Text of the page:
As those interviewed indicate, the skills required in institutional development can be broad and demanding. It is not about managing projects or organisations as such, although many of the core skills required for this will be relevant to institutional development. What emerge from these development managers are skills of analysis, knowledge of ‘models’, theories and ideas which have been tried in other contexts, and an ability to appreciate different rationalities and to communicate ideas. Also implied are skills of facilitation and negotiation to help build commonality of views and shared objectives. In the final part of the clip, interviewees also talk about their views on the concept of institutional development, reflecting on institutional failures, and on influence and power in setting the institutional development agenda.
To summarise, as exemplified in the interviews in Activity 11, development practitioners use the terms ‘institution’ and ‘institutional development’ in different ways. Those in large, powerful agencies tend to think in terms of changes in broad societal norms and large-scale institutions designed to deliver development goals. Those in smaller agencies, such as many NGOs, often talk of institution building and organisational strengthening as ‘institutional development’. There is also a difference between those who see institutional development in terms of organisational performance, as in:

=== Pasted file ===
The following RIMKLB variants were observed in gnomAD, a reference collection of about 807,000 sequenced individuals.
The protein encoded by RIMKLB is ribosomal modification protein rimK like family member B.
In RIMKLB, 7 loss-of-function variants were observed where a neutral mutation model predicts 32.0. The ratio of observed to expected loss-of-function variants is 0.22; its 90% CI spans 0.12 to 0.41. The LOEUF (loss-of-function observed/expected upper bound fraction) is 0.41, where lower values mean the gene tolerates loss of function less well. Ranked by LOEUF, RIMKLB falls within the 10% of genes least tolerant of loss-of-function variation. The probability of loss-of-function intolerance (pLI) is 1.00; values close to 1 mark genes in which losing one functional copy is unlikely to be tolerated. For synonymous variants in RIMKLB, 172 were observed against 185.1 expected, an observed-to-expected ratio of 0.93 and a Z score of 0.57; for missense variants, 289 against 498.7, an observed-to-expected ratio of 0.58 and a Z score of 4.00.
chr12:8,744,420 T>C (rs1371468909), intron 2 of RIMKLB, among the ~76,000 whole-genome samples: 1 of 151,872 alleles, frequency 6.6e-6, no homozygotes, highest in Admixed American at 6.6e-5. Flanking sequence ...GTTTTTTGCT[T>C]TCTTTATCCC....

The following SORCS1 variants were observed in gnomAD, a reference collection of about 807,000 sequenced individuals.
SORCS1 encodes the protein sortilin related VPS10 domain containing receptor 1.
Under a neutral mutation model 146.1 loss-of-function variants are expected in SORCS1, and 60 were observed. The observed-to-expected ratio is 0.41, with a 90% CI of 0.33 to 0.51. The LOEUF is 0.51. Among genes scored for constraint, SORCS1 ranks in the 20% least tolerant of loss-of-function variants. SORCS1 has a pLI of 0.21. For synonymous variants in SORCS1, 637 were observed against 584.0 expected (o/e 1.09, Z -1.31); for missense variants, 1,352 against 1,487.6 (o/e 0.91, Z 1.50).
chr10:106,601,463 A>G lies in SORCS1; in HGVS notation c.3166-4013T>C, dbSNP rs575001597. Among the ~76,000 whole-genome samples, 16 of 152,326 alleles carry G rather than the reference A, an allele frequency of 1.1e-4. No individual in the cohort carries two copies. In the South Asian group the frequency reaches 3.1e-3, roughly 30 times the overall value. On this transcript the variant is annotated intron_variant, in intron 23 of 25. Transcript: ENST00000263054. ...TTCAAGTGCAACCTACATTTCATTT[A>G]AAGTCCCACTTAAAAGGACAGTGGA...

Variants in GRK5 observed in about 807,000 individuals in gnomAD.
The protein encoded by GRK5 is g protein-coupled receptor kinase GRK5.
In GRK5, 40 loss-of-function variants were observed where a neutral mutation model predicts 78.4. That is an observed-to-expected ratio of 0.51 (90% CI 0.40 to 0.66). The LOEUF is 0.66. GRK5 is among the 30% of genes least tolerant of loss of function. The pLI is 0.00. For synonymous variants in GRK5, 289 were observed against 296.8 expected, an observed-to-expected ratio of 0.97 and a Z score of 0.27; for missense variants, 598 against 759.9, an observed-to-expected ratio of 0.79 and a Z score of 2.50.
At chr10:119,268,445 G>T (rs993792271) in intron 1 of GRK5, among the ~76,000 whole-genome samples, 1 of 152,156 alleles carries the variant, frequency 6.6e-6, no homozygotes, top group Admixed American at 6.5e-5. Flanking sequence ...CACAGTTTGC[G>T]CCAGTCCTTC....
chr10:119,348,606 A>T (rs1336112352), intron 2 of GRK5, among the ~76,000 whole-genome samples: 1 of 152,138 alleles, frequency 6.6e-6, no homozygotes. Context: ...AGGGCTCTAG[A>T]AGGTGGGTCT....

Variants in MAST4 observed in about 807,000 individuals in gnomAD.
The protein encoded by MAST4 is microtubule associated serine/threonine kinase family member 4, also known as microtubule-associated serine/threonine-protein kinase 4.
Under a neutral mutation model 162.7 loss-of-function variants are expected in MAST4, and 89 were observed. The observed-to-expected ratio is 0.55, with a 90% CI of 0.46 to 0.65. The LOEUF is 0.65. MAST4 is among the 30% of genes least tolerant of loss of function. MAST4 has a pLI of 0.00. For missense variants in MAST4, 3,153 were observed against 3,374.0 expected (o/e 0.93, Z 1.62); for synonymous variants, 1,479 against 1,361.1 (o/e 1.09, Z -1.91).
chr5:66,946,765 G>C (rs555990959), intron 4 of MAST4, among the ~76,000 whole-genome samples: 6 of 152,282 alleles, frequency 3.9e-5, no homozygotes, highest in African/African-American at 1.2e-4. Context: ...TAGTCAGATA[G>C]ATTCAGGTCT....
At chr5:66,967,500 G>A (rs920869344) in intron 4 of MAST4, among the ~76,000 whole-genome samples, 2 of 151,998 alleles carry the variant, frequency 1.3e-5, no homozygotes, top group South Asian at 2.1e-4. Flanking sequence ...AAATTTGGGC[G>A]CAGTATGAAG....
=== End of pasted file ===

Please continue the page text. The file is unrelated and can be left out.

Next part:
I find it very hard to separate institutional development from things like capacity-building. These are things that a lot of organisations do without necessarily calling them institutional development or saying that they are doing capacity-building. But people are seeking to improve the performance. So I think those key words like performance, efficiency, improving human resources, are all part of what we mean by institutional development.
and those who see institutional development in more political terms, as in:
I think the main point of institutional development is to create a sense of liberation whereby people think forward to changing their circumstances and situations.
It is not, of course, necessary to choose between different meanings. But it is important to recognise the differences, if we are to build up an appropriately complex and flexible understanding of institutional development.